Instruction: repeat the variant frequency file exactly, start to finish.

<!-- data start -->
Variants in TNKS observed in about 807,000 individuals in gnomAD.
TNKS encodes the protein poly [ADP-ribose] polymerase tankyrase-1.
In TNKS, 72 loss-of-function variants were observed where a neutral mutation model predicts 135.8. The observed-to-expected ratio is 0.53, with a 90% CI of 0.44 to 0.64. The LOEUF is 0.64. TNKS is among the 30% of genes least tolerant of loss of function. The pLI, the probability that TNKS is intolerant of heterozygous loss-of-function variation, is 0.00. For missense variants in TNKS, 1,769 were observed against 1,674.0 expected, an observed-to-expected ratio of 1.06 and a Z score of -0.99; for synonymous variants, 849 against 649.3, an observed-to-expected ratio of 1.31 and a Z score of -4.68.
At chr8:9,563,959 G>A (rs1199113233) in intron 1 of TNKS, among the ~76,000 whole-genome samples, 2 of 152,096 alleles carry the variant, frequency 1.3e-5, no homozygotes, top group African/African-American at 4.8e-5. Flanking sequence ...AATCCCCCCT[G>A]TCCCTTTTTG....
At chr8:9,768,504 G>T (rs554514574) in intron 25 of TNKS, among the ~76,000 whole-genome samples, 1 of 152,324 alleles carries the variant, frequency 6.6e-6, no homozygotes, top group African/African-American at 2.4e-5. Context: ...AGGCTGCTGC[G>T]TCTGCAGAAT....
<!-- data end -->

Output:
Variants in TNKS observed in about 807,000 individuals in gnomAD.
TNKS encodes the protein poly [ADP-ribose] polymerase tankyrase-1.
In TNKS, 72 loss-of-function variants were observed where a neutral mutation model predicts 135.8. The observed-to-expected ratio is 0.53, with a 90% CI of 0.44 to 0.64. The LOEUF is 0.64. TNKS is among the 30% of genes least tolerant of loss of function. The pLI, the probability that TNKS is intolerant of heterozygous loss-of-function variation, is 0.00. For missense variants in TNKS, 1,769 were observed against 1,674.0 expected, an observed-to-expected ratio of 1.06 and a Z score of -0.99; for synonymous variants, 849 against 649.3, an observed-to-expected ratio of 1.31 and a Z score of -4.68.
At chr8:9,563,959 G>A (rs1199113233) in intron 1 of TNKS, among the ~76,000 whole-genome samples, 2 of 152,096 alleles carry the variant, frequency 1.3e-5, no homozygotes, top group African/African-American at 4.8e-5. Flanking sequence ...AATCCCCCCT[G>A]TCCCTTTTTG....
At chr8:9,768,504 G>T (rs554514574) in intron 25 of TNKS, among the ~76,000 whole-genome samples, 1 of 152,324 alleles carries the variant, frequency 6.6e-6, no homozygotes, top group African/African-American at 2.4e-5. Context: ...AGGCTGCTGC[G>T]TCTGCAGAAT....